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Diabetes: Safe Use of Nonprescription Medicines
Many over-the-counter medicines can affect the blood sugar level of people with diabetes. Some should be used with caution and some should be avoided. Follow all instructions on the label. If you give medicine to your baby, follow your doctor’s advice about what amount to give. When you have a minor illness (such as a cold or the flu) and need a nonprescription medicine, talk with your doctor or pharmacist before buying one.
Cough and cold medicines may not be safe for young children or for people who have certain health problems. Before you use them, check the label. If you do use these medicines, always follow the directions about how much to use based on age and in some cases weight. These medicines may help with symptoms, but they won’t help you get better faster. There are other things you can do that may work just as well or better.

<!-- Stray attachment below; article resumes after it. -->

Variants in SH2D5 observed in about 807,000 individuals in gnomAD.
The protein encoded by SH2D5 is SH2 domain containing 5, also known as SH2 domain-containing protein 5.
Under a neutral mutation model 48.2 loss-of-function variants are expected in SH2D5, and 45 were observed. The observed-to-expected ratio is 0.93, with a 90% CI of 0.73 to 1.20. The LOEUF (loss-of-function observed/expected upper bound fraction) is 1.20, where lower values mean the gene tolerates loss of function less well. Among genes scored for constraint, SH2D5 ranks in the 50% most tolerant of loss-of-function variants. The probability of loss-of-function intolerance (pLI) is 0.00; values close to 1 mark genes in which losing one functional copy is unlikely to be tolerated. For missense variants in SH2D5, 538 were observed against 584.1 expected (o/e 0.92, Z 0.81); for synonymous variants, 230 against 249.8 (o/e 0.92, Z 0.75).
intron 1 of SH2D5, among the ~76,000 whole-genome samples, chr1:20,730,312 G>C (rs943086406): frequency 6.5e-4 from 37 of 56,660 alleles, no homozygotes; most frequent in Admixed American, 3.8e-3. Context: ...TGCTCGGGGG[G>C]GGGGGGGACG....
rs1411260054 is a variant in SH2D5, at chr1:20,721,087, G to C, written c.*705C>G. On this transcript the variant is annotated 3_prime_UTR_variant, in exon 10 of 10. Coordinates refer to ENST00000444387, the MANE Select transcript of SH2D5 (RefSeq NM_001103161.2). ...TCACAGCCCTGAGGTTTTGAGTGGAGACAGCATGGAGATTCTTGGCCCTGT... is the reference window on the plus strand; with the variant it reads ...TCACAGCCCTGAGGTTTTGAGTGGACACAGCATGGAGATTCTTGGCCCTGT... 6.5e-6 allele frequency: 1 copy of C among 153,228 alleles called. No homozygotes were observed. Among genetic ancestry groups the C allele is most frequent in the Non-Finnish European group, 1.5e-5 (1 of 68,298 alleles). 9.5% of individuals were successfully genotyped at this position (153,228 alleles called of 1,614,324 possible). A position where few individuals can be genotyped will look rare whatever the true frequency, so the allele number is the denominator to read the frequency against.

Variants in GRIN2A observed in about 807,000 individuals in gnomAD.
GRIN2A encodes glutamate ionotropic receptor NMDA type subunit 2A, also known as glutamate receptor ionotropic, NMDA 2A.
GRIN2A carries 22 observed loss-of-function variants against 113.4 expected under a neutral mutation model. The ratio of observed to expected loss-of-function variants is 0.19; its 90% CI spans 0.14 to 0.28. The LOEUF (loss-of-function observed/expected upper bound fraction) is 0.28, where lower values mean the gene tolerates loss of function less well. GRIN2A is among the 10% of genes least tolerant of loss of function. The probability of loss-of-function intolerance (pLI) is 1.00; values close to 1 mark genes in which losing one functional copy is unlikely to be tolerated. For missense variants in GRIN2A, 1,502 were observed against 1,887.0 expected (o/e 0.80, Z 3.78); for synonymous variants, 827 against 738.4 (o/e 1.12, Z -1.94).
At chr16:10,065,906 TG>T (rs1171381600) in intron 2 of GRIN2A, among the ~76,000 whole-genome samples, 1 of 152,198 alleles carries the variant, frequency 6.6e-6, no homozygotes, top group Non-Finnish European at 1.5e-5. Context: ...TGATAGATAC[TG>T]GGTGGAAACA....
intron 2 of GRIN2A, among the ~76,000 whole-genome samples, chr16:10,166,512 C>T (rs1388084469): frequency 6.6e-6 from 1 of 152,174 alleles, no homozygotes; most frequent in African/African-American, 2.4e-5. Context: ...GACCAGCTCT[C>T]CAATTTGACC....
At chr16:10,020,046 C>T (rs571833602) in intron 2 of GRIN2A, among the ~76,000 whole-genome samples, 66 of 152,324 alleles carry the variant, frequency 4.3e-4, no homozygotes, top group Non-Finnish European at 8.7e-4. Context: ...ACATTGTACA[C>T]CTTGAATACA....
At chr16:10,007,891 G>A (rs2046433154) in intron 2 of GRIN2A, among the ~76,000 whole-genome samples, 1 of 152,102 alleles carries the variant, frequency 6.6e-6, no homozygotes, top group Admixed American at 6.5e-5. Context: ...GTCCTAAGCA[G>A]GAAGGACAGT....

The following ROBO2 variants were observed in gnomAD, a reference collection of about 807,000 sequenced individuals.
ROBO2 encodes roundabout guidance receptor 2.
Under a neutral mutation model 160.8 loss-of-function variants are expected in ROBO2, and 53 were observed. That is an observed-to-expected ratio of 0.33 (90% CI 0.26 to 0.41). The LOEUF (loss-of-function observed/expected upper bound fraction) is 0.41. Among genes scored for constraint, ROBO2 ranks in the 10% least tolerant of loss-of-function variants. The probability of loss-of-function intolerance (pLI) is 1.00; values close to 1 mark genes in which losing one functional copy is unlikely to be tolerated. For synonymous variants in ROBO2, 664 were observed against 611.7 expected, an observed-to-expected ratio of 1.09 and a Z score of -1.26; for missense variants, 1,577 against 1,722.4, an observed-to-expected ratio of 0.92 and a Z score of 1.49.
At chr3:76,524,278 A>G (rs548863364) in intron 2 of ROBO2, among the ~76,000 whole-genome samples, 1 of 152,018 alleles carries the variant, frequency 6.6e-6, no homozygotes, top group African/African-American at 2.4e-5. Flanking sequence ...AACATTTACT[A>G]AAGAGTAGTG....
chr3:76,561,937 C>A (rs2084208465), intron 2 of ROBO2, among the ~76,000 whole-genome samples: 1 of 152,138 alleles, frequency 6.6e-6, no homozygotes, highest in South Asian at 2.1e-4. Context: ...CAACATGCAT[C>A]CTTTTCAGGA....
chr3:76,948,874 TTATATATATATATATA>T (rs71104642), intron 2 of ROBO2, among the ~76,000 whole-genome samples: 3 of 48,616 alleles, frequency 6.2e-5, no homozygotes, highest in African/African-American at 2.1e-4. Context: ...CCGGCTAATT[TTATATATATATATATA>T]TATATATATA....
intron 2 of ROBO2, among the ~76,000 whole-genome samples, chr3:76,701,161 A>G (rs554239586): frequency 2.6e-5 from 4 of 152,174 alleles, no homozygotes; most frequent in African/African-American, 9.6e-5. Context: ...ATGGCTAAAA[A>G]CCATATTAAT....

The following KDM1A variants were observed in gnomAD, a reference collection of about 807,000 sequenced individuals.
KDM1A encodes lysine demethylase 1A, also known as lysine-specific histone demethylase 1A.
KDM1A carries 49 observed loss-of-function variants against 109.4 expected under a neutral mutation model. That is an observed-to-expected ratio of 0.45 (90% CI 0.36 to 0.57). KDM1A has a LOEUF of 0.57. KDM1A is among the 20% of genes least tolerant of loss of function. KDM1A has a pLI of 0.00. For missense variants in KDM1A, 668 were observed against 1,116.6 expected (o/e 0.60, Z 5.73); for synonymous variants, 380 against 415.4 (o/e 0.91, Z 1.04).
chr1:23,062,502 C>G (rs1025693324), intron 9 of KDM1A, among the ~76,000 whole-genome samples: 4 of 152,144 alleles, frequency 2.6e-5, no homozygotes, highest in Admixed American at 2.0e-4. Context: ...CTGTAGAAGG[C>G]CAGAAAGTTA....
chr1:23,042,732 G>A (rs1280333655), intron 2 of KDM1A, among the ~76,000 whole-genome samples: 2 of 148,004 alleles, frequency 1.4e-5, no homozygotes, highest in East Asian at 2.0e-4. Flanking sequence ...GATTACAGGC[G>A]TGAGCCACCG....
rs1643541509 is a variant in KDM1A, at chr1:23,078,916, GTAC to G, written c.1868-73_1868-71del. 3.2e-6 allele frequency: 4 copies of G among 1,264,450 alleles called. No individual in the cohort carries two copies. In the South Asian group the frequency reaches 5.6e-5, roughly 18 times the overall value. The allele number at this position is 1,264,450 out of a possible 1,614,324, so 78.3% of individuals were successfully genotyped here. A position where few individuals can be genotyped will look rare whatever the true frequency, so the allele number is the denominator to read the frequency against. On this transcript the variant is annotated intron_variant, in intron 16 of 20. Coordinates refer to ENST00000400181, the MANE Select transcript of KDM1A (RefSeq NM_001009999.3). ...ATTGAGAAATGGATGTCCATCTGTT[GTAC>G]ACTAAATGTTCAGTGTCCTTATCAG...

Some medicines use artificial sweeteners instead of sugar to improve taste or do not contain ingredients that increase blood sugar in other ways.
- Comparing Artificial Sweeteners
- Medicines for Other Conditions That May Lower Blood Sugar Level as a Side Effect
- Medicines That Can Raise Blood Sugar as a Side Effect
- Sick-Day Guidelines for People With Diabetes
|Primary Medical Reviewer||John Pope, MD - Pediatrics|
|Specialist Medical Reviewer||Stephen LaFranchi, MD - Pediatrics, Pediatric Endocrinology|
|Last Revised||December 7, 2010|
|By:||Healthwise Staff||Last Revised: December 7, 2010|
|Medical Review:||John Pope, MD - Pediatrics|
Stephen LaFranchi, MD - Pediatrics, Pediatric Endocrinology
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